A bike stall... and a fix
My Rebel 500 ABS has only 200 miles on it. Riding last weekend, the engine stalled at about 20-25 mph. The engine appeared to surge a bit as the bike started to lose power. I engaged the clutch and opened up the throttle but the "check engine" light came on and bike stalled and died (on 4th gear). Thankfully this was not on a busy road (or freeway) and I easily pulled off to the side of the road. I tried starting up the bike again after turning everything off. It spluttered to a start, then died, as though it wasn't getting gas. My tank was full. I was about a mile from home and dreaded the thought of having to walk the bike back.
I waited for several minutes, managed to start the bike again and rode it back, really slow, fearing that I might be doing some real damage. It spluttered several times on the way, but didn't completely cut out. A few hours later I took the bike out again, but couldn't make it around the block before it stalled again (ie, died). But no check engine light came on when riding. I managed to start the engine (turning many times before firing) and got back slowly.
At this point the option was to get the bike towed to the dealer and have him take a look.
---- readers, you can start your diagnosis here if you like, before reading ahead ----
Here was my approach.
I had fueled the bike up the previous evening. I rode back about a mile from the pump with no issues. I struggled filling the tank (still have to learn how to gas up a bike properly). It dribbled in very slowly the whole time and I had spilled a bit of gas on the floor (through the overflow pipe) since I had not stuck the nozzle all the way in.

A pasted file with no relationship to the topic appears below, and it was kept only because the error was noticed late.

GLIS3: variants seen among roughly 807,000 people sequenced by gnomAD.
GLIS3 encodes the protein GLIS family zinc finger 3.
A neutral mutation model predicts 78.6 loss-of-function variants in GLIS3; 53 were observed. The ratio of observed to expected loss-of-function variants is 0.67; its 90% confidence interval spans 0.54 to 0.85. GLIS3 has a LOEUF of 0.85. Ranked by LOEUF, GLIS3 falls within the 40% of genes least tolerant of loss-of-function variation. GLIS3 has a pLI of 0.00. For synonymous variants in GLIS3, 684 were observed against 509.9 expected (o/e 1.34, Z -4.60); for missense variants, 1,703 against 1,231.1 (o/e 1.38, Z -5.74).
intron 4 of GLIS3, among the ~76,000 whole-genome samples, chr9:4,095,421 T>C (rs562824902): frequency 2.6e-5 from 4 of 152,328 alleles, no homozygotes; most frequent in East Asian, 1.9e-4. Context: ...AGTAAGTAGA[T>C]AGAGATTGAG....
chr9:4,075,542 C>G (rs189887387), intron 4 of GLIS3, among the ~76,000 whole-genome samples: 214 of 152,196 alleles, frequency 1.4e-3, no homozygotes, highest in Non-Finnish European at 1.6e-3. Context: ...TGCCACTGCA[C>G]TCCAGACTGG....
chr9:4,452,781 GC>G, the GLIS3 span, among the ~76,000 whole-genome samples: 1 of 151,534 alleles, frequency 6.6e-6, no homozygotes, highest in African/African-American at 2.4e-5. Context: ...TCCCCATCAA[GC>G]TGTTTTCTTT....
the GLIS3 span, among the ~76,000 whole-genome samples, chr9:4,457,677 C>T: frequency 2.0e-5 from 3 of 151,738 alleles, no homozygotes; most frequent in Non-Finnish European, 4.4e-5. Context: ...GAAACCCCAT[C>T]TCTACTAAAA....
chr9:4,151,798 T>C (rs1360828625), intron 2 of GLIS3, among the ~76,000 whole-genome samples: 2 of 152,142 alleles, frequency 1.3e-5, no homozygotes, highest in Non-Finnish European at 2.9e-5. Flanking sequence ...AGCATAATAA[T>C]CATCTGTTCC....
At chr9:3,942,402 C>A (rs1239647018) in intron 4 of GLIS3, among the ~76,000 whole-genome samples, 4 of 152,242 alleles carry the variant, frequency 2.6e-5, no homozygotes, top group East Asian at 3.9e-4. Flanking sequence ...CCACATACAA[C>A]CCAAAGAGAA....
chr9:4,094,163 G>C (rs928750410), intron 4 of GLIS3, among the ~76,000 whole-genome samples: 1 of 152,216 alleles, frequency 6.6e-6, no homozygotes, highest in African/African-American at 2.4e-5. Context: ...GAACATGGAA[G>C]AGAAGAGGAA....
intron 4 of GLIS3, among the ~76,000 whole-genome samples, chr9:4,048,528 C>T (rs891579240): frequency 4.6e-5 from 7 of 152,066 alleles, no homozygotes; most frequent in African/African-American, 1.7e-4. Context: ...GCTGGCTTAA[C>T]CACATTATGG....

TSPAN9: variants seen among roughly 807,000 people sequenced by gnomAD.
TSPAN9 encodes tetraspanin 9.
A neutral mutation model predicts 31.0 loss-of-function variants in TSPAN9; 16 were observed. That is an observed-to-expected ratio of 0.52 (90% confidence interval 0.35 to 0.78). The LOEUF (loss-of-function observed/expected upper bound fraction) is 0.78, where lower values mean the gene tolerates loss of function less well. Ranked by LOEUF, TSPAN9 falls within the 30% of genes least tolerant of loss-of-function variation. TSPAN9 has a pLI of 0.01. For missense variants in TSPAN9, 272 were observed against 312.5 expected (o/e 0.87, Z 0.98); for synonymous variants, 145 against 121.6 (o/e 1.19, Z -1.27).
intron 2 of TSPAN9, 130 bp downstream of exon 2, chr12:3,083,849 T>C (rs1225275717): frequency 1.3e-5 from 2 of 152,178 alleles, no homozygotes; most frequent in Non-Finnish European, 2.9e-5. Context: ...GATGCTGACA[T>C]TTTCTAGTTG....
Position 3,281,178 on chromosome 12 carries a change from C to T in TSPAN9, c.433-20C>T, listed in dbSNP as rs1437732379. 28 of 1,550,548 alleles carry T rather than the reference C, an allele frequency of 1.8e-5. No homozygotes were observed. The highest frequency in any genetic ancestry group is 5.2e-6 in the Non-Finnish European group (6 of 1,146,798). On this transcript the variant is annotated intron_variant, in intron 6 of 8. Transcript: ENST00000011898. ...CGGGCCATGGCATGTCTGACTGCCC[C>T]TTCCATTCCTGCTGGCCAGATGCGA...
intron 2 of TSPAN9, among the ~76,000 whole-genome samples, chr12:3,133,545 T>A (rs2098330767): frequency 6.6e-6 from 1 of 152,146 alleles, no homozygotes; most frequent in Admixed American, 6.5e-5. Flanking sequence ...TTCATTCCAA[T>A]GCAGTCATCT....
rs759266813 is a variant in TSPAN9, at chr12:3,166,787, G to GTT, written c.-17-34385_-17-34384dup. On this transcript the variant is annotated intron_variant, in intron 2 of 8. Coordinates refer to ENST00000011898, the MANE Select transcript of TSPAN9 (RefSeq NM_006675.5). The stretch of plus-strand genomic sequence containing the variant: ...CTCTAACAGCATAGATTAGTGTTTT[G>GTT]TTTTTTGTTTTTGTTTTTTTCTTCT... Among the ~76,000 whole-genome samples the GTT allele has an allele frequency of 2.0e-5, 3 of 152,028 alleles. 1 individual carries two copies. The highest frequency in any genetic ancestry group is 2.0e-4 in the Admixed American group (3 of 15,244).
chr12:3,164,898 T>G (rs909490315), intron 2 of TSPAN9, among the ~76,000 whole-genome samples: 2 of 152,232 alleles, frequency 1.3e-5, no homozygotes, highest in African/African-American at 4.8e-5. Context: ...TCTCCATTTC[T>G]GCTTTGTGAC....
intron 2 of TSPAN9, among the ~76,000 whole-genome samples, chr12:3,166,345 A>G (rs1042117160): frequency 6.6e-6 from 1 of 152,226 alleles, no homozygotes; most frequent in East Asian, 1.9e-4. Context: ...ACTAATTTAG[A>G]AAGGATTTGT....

My first thought was oil levels (since the engine light had come on). Since you need two people to check the oil level (from the see-though gage below your right foot), I did that as soon as I got home. All good. So the "check engine" light had just come on because the engine had cut (as it should).
I wondered if I had added/dissolved too much air to the gas when filling (given my poor technique) and that was causing the stall. Or if somehow the gas had picked up some water. Or just bad gas.
The next day I happened to open the gas tank and found that the gas level was very high (when on side stand) and still very high when the bike was straightened. I wondered if there could be a problem overfilling a tank. I read this up and found that (at least) two things that could happen:
(1) All bikes have an EVAP (evaporative emissions system) that captures gas fumes (into a charcoal canister) and releases the condensed gas back into the tank. The idea is to prevent vapors from venting into the atmosphere on hot days. The charcoal shouldn't be catching wet fuel, just fumes. If an tank is overfull you could soak the canister.
(2) The fuel pump on a bike pumps the gas from the tank into the cylinders. Any pump would need the air pressure in the tank to be at atmospheric pressure, or it would have to work really hard against a vacuum. An overfull tank has no air in it at all, or a way to get any in.
It felt as though my issue might be problem (2). The overfull tank was actually starving the fuel pump. I probably managed to ride a few miles after filling up, since the fuel lines had some gas in them.
Today, I bought some rubber tubing and siphoned off a bit under 2 liters (1/2 gallon). It took more than a liter before the levels started to go down visibly from the top.
Took out the bike for a ride and managed 5 miles WITH NO GLITCH WHATSOEVER. Hope this is the end of the problem and the fix was this easy.
Anyway, I decided to share this detailed post so you all know that overfilling a tank can be a real problem.
Last edited by SeventhGear; 04-04-2018 at 07:25 PM.